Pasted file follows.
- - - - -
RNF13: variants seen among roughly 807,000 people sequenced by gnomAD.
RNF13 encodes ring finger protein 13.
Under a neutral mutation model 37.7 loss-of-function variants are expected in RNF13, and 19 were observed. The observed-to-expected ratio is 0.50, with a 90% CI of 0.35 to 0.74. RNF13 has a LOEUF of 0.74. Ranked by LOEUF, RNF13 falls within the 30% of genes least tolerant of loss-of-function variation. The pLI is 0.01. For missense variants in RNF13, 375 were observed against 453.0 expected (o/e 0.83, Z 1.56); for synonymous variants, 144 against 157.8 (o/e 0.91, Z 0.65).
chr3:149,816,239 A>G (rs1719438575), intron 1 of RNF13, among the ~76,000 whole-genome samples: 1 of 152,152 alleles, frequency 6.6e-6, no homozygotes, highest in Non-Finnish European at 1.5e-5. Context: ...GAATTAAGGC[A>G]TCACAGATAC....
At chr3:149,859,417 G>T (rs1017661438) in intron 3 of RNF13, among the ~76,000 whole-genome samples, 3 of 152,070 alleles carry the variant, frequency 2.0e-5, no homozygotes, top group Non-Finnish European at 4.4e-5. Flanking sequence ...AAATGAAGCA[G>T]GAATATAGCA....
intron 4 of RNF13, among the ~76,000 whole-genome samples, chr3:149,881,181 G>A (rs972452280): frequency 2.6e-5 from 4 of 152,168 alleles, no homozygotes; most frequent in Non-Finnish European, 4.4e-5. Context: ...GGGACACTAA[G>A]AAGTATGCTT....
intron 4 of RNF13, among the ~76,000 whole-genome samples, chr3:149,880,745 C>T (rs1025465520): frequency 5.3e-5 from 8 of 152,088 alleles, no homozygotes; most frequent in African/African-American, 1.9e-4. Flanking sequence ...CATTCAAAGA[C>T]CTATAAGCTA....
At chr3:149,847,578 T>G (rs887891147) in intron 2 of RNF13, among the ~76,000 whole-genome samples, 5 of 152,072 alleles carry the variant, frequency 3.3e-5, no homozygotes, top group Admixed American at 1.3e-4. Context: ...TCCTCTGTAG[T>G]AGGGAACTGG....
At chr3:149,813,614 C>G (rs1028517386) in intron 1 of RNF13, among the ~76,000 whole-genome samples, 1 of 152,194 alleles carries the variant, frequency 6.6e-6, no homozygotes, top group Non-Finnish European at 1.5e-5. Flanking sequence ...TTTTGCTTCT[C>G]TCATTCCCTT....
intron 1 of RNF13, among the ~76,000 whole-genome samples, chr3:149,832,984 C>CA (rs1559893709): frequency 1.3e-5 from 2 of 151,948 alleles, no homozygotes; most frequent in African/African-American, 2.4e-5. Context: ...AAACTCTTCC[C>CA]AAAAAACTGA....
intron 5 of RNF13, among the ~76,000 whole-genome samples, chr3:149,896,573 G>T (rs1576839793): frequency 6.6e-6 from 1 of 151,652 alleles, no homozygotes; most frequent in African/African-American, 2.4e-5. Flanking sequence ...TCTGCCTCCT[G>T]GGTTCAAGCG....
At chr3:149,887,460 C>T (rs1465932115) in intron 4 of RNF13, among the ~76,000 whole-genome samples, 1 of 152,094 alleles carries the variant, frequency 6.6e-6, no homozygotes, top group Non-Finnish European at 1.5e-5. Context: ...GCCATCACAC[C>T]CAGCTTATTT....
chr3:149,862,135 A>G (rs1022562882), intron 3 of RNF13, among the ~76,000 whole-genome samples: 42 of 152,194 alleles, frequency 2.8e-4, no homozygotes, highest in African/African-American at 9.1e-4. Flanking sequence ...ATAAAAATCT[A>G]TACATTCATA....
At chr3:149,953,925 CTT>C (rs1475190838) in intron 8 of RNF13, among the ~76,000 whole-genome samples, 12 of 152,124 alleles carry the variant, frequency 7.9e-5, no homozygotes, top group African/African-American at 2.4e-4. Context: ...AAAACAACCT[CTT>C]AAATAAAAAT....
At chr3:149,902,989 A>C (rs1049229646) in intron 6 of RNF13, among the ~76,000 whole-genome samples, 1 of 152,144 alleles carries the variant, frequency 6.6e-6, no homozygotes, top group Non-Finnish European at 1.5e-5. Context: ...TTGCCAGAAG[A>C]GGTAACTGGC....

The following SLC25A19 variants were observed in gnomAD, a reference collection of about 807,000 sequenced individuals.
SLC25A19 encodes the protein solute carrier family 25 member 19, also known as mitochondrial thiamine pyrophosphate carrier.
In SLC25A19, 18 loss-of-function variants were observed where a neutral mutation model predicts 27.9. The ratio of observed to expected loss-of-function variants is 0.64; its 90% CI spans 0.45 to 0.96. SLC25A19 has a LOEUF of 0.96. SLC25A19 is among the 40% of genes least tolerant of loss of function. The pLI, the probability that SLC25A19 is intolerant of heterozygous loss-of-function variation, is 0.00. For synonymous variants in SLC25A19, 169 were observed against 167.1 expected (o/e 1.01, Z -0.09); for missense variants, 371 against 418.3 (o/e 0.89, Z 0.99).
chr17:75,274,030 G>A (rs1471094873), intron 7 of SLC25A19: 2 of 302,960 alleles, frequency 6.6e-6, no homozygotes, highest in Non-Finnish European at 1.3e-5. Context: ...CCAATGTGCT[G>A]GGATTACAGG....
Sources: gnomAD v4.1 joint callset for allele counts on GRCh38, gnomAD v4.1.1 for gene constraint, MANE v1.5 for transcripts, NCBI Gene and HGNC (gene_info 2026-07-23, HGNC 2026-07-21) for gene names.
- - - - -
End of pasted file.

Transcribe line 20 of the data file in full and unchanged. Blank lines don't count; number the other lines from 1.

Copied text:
Sources: gnomAD v4.1 joint callset for allele counts on GRCh38, gnomAD v4.1.1 for gene constraint, MANE v1.5 for transcripts, NCBI Gene and HGNC (gene_info 2026-07-23, HGNC 2026-07-21) for gene names.